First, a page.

Microsoft's latest operating system has been on the market for nearly five months, but enterprise IT decision makers have yet to implement strategic plans for Windows 8 migrations because of concerns about upgrade costs, security and more.
The lackluster interest among businesses to migrate users to Windows 8 is attributed not only to a new user interface, but also to the high cost of hardware that can take advantage of the new OS.
Enterprise decision makers say any Windows 8 installation won't come for another year, after the first Windows 8 service pack is available.
To help hardware manufacturers drop the cost of touchscreen devices that exploit the Windows 8 user interface's swiping and gesture movements, Microsoft this week slashed the Windows 8 and Office dual-pack licensing fee to OEMs from $120 to $30. The software maker hopes that the move will drop the cost of the hardware for end users, spurring demand for forthcoming touchscreen-enabled devices.
Even if the price drop raises early-adopter interest, Microsoft's move won't be enough of a catalyst for widespread Windows 8 migration plans that include the software as well as hardware upgrades, according to end users.
"It's almost like a television," said Alex Wilson, IT operations manager at Courier Corp., a printing service company in Chelmsford, Mass. "You're interested in the television show, but not the television."
Our users are more interested in the applications they use than in the devices they use, he noted.
Although there are some early adopters for Windows 8 at Courier, the business has not made the leap to the latest OS, he added.
Windows 8 technology changes will slow adoption
The adoption lag is to be expected, as it takes time for enterprises to embrace a new technology fully.
"[Typically], the adoption of Windows is three to five years," said Tim Bajarin, principal analyst at Creative Strategies in San Jose, Calif. "The problem is that [Microsoft] doesn't have three to five years."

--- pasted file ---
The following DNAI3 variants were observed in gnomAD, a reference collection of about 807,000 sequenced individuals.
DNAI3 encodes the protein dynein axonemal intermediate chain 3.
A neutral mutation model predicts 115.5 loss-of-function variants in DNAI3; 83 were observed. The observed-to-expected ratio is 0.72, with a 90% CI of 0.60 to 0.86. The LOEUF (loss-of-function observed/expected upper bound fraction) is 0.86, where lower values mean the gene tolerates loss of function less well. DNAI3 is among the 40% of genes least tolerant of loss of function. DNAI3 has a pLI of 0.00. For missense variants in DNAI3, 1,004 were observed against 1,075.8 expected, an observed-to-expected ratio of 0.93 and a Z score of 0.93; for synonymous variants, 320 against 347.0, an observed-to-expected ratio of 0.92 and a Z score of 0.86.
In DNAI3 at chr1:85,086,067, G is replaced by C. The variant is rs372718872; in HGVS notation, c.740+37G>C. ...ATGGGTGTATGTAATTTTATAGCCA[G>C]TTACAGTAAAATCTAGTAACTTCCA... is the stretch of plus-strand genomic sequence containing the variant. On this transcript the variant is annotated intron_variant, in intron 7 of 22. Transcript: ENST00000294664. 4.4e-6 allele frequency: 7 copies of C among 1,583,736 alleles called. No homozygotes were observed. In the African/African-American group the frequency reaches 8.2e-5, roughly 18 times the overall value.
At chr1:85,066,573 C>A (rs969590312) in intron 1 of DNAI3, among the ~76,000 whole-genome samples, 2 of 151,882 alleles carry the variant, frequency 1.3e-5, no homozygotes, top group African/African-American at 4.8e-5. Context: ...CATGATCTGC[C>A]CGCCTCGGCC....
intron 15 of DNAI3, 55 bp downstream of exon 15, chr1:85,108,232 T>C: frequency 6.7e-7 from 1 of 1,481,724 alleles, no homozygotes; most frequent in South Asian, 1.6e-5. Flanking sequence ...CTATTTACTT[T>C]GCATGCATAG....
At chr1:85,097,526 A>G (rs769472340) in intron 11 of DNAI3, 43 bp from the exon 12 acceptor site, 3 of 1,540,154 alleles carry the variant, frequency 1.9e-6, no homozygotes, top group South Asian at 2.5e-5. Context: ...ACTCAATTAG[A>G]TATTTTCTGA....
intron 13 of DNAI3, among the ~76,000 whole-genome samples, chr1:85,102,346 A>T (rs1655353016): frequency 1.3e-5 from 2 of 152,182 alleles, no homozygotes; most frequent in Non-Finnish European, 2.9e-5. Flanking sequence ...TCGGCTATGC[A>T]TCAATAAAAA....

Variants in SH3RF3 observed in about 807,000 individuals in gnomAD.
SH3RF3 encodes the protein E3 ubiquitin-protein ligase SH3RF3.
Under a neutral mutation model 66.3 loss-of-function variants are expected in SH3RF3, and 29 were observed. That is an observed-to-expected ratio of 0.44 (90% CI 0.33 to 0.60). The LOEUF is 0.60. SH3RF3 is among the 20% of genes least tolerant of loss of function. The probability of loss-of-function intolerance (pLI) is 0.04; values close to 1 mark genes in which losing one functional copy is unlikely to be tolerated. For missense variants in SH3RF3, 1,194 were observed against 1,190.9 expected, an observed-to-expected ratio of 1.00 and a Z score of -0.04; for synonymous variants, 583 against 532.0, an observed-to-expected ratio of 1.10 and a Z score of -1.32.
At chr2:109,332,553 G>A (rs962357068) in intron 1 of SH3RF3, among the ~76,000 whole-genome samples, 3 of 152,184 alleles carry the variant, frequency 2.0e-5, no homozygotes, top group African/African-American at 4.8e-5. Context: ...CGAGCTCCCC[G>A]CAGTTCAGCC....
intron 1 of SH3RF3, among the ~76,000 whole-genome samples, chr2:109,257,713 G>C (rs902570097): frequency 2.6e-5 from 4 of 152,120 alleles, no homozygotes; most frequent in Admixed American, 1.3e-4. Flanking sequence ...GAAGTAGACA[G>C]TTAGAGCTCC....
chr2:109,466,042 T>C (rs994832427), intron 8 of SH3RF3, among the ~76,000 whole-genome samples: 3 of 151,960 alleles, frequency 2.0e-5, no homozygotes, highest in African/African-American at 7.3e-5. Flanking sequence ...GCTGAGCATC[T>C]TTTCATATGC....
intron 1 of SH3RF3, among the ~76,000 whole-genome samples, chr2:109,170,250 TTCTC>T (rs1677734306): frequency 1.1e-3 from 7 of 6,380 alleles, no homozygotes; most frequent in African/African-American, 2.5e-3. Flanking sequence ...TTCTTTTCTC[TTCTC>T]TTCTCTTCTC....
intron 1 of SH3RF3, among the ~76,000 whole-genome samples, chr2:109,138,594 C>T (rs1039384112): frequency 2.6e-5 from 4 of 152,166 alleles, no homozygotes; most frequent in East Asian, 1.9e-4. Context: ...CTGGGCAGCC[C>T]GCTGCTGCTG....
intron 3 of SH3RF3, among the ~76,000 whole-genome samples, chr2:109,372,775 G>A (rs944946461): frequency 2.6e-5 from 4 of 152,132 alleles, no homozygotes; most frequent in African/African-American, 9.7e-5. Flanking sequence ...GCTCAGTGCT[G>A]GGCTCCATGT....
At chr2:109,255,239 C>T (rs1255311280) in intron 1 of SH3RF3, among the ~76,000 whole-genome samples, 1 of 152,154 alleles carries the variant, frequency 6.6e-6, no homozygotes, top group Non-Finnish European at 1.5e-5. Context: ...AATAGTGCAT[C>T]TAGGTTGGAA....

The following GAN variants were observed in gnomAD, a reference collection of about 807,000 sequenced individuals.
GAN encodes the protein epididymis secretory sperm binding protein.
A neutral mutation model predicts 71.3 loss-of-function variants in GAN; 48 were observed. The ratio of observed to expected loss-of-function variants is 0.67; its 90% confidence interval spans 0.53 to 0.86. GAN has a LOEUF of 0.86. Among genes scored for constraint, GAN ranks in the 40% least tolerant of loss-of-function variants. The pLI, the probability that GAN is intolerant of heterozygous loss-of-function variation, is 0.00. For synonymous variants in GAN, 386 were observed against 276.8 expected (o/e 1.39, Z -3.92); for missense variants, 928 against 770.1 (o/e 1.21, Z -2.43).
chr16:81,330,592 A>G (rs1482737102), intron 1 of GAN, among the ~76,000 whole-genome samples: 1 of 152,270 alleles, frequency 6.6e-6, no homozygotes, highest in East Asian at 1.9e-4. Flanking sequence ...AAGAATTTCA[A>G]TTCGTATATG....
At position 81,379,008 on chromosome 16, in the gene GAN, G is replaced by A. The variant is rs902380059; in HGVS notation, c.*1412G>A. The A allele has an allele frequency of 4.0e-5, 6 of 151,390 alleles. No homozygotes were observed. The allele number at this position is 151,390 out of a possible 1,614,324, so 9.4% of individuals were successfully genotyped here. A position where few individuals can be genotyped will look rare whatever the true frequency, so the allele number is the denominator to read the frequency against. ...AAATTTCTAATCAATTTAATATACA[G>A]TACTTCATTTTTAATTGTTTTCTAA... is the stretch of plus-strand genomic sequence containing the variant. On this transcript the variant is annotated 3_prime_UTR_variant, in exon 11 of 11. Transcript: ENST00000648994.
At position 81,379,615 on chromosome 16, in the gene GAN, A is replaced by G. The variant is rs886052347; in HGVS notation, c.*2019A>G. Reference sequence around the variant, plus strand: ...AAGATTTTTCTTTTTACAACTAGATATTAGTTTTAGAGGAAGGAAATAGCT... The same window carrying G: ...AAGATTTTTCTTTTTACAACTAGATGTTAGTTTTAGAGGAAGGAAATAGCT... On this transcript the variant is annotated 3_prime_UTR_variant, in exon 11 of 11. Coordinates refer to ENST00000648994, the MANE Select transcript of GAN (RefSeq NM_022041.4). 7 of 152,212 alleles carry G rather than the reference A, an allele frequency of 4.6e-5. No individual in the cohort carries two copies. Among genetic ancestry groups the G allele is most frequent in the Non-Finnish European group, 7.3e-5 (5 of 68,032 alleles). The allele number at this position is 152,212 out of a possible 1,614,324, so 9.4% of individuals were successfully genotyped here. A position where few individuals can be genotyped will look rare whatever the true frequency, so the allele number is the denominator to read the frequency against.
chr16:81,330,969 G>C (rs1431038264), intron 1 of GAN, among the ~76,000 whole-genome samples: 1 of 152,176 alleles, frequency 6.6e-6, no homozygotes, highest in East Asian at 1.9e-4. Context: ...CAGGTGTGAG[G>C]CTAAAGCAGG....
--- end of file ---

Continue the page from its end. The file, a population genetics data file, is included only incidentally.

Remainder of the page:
Windows 8 installation may be particularly slow because touchscreen monitors are not prevalent in the corporate space, said Heinan Landa, CEO of Optimal Networks, a network and computing support consulting firm in Rockville, Md.
"As more workstations are designed with touchscreens in mind at an affordable price point, then larger companies will begin adopting this operating system the next time they need a company-wide hardware upgrade," Landa said. "In general, however, companies will not accelerate their upgrade cycle for this operating system upgrade."
IT shops will need to carefully analyze the productivity effects of using Windows 8 throughout an organization over a significant period of time, Landa added.
"The real question is whether or not getting a head start on application development would give them a leg up on Windows 8," said Charles King, principal analyst at Pund-IT, a consulting firm in Hayward, Calif.
Windows 8 security concerns
Meanwhile, IT users are keeping a watchful eye out for the next Windows 8 service pack release.
Aside from the high cost of tablet PCs and rewriting any business software required for the Windows 8 environment, security concerns are another obstacle to large-scale migrations to the OS, said Gyutae Park, co-owner and head of IT at Money Crashers Personal Finance in Piscataway, N.J.
"There have already been a number of patches released, and the first official service pack isn't scheduled for release until next year, Park said "Until then, it's likely that many companies will remain content to use their existing operating systems."
Microsoft released its preliminary list for its March Patch Tuesday with a bulletin noting a fix for Internet Explorer 10 that affects Windows 8 and Windows RT, as well as previous versions of Internet Explorer and Windows.
Microsoft declined to comment for this article.
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